And they were finally rewarded for their effort when Colton scored the insurance tally that sent the Lightning through to the final four.
"First of all, Johnny was using his speed," Cooper said, describing the impact of the Johnson line. "He wanted the puck. He was commanding it. Patty boy, they call him the Big Rig for a reason. He's a load to handle down low. When you get into these man-to-man situations, if you can win your battles, that was a big point of emphasis the last few games was to make sure that puck stayed below the goal line as long as we could. And then Ross is, the kid's got a shot, he can skate. He's just a good blend on that line. I think they were trying to find an identity, and I think they found it. You get the confidence, and you have the confidence to play them. It was a matchup game early, and I didn't really care about the matchups. There was one time they looked at me and said, 'Are we going?' And I'm like, 'Damn, right you're going. Trust yourself,' and they did and scored a huge goal for us."
Point said the Lightning fed off the energy the fourth line provided.
"I think it was all game they were doing that," he said. "They were creating chances for us and going to the net hard and playing good defense and blocking shots and owning the puck down low. Our team definitely fed off that. It takes everyone in the playoffs and everyone has their moments, and tonight they were great. But they've been great all series and they've been great all playoffs."
Colton has scored three goals and recorded four points this postseason, this after netting nine goals in 30 games during his rookie season. The moment hasn't been overwhelming for the 24 year old playing in his first playoffs. He's continued to perform the same way he did in the regular season when he was a revelation for the Lightning, earning a starting spot for the remainder of the season once he was inserted in the lineup. Colton scored in his second-consecutive Game 5 in Carolina.
He said his confidence comes from his linemates as well as the veteran leaders in the Lightning locker room that have aided him along his path.
"You kind of have a calming feeling when you're out there on the ice with them because if you just put yourself in the right spot, these guys are so elite they're going to put the puck on your stick," Colton said. "It's just a calming presence out there because they're always doing the right thing. Credit to everyone in the locker room who's made it special for me and I'm just looking forward to the rest of these playoffs for sure."
Video: TBL@CAR, Gm5: Vasilevskiy records shutout in Game 5
3. ELITE COMPANY
Andrei Vasilevskiy was the major difference for the Lightning in the Second Round versus Carolina.
He was the same against Florida in the First Round.
Where both of the Lightning's first two opponents dealt with goaltending decisions throughout each series, the Bolts had complete faith Vasilevskiy could get the job done. It was his net no matter what.
That wasn't the case for Florida or Carolina. The Panthers started Sergei Bobrovsky, turned to Chris Driedger, interchanged both through the first four contests, then called upon rookie Spencer Knight in Games 5 and 6, the goaltending shuffling clearly doing no good for either Bobrovsky's or Driedger's confidence.
In the Second Round, the Hurricanes got solid starts from Alex Nedeljkovic in Games 1 and 2, but their rookie netminder let up a soft goal in each that allowed the Lightning to prevail in both. The Canes went with Petr Mrazek in Game 3, and he stole a game to get them their only win in the series. But Mrazek got exposed by the Lightning in their 6-4 win in Game 4, and the Hurricanes went back in Game 5 to Nedeljkovic, who was really good in net in a do-or-die scenario.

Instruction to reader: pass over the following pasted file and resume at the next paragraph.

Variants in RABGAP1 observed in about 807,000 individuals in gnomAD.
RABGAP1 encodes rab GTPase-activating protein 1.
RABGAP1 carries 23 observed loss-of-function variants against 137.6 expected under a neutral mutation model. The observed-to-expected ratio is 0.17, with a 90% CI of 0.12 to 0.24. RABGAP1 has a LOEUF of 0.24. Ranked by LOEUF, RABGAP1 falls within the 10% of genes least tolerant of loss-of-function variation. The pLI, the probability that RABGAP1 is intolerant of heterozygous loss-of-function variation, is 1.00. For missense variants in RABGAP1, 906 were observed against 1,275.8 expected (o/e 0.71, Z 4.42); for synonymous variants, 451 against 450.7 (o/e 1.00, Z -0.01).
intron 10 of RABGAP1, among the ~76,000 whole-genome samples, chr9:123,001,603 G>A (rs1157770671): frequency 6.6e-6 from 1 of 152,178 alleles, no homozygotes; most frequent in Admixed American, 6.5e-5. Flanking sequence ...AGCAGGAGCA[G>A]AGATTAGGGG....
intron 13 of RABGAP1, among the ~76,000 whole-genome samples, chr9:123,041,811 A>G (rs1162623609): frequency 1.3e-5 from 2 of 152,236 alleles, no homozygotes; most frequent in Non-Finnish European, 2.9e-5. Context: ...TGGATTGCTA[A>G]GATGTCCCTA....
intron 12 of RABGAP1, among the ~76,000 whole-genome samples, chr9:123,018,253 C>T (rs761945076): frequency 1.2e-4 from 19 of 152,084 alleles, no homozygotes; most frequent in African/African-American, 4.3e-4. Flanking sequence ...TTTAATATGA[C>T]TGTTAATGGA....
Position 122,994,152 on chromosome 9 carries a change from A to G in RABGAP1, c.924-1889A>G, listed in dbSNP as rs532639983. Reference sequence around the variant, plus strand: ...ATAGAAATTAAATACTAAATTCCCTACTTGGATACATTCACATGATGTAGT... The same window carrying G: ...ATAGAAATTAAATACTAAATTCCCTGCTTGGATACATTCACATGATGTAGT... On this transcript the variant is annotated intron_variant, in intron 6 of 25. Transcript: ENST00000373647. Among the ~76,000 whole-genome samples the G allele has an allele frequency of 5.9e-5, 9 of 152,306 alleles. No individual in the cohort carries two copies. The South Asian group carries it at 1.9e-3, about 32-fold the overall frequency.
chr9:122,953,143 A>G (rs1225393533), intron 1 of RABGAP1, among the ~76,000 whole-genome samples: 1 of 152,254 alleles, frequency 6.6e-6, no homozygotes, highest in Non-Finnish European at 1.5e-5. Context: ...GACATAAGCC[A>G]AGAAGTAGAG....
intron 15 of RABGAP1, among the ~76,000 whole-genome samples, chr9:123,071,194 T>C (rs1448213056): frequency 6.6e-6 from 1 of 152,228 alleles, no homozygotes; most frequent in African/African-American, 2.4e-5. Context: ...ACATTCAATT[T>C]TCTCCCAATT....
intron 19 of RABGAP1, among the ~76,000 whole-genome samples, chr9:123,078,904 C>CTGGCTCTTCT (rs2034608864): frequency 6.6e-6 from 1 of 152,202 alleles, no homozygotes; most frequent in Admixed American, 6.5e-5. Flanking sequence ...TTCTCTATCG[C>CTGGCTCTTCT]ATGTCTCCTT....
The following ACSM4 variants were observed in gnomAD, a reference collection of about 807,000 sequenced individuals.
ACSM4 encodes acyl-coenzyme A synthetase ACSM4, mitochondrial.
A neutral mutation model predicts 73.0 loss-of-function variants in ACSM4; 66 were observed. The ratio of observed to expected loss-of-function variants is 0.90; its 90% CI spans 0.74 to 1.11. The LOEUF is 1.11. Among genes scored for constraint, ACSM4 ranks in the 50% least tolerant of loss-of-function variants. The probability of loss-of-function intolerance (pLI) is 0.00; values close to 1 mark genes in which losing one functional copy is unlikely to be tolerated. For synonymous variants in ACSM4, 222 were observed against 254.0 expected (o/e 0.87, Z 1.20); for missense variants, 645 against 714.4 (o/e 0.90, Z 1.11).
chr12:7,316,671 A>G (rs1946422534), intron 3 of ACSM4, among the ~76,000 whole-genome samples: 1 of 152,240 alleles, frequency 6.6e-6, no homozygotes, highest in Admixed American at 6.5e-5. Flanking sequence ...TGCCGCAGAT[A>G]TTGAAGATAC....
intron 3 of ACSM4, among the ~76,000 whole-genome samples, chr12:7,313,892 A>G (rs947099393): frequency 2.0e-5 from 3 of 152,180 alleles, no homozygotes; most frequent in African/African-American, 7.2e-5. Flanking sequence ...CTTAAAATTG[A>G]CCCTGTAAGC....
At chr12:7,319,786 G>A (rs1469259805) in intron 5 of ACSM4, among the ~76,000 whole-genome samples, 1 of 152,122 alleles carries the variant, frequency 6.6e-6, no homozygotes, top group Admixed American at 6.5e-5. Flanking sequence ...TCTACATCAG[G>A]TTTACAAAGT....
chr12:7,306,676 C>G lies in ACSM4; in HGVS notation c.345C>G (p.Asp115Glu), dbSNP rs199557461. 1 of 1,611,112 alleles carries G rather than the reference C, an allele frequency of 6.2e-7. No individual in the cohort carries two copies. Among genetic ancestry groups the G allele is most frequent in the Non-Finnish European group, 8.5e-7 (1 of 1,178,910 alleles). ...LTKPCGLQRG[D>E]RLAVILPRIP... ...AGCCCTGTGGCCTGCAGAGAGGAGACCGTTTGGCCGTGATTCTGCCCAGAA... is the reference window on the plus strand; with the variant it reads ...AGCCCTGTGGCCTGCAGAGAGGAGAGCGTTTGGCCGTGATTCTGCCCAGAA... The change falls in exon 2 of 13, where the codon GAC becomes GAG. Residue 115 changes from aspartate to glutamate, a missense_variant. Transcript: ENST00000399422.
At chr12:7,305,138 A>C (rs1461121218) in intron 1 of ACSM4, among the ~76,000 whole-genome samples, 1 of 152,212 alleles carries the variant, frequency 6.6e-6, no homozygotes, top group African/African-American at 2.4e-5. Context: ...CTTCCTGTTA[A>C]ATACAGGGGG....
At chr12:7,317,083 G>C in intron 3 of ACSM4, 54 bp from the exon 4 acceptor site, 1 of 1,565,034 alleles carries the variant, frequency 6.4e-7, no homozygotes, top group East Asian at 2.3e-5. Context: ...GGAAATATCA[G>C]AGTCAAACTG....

But not as good as Vasilevskiy.
While the opponent couldn't figure out who should start in goal, the Lightning had the luxury of handing the keys to Vasilevskiy and letting him do his thing.
And like he's done so often throughout his career, he delivered in spectacular fashion.
Vasilevskiy was perfect in Game 5, stopping all 29 shots Carolina sent his way, including the big-time stop on Trocheck with the game still deadlocked. Vasilevskiy became the first NHL goalie to record his first three playoff shutouts in three-straight series-clinching games. Vasilevskiy shut out Dallas in Game 6 of the 2020 Stanley Cup Final to lead the Lightning to their second championship in franchise history. He blanked Florida in Game 6 of the First Round to advance. And he backstopped the Lightning to another round with his performance in Game 5 on Tuesday.
"It's pretty awesome to have three shutouts in elimination games," Vasilevskiy said after the victory. "I didn't know that to be honest. Just a great effort by the whole team. In all these three shutout elimination games, we had such great effort. I'll help them out a little bit, but they help me more. Just a great team effort by our guys."
Vasilevskiy finished the Second Round with a 4-1 record, a .940 save percentage and a 1.77 goals-against average in five starts. Carolina was only able to score on him twice in three contests at PNC Arena, neither of those at 5-on-5. The Canes scored a power-play goal in Game 1 and a 6-on-5 extra attacker goal at the end of Game 2.
Otherwise, Vasilevskiy was perfect in Raleigh.
As the teams went through the handshake line, Carolina head coach Rod Brind'Amour stopped for a extended chat with Vasilevskiy. Following the game, Brind'Amour divulged what he told the Big Cat.
"I've been around a long time. That's kind of what I said. I've seen a lot of goalies that were good, but he's as good as anyone that I've ever seen," Brind'Amour said. "I go back to Dominik Hasek and how he affects the team the way they can play. He makes it look easy. Dominik Hasek made it look hard. We had a lot of great looks tonight, and they looked like nothing because he was in the right place or whatever. That's what I told him."